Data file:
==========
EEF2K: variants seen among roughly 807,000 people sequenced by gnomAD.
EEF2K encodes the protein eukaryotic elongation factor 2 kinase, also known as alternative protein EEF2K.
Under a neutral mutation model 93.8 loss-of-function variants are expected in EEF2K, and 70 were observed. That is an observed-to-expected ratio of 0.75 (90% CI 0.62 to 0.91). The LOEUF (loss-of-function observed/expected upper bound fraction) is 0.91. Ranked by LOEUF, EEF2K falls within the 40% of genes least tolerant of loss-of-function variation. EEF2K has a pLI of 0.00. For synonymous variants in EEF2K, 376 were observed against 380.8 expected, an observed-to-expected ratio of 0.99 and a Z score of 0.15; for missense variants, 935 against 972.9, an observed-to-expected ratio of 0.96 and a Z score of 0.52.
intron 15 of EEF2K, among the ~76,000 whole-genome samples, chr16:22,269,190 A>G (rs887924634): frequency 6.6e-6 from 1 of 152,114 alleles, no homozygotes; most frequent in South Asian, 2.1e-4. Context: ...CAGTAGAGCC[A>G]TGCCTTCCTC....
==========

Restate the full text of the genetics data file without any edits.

EEF2K: variants seen among roughly 807,000 people sequenced by gnomAD.
EEF2K encodes the protein eukaryotic elongation factor 2 kinase, also known as alternative protein EEF2K.
Under a neutral mutation model 93.8 loss-of-function variants are expected in EEF2K, and 70 were observed. That is an observed-to-expected ratio of 0.75 (90% CI 0.62 to 0.91). The LOEUF (loss-of-function observed/expected upper bound fraction) is 0.91. Ranked by LOEUF, EEF2K falls within the 40% of genes least tolerant of loss-of-function variation. EEF2K has a pLI of 0.00. For synonymous variants in EEF2K, 376 were observed against 380.8 expected, an observed-to-expected ratio of 0.99 and a Z score of 0.15; for missense variants, 935 against 972.9, an observed-to-expected ratio of 0.96 and a Z score of 0.52.
intron 15 of EEF2K, among the ~76,000 whole-genome samples, chr16:22,269,190 A>G (rs887924634): frequency 6.6e-6 from 1 of 152,114 alleles, no homozygotes; most frequent in South Asian, 2.1e-4. Context: ...CAGTAGAGCC[A>G]TGCCTTCCTC....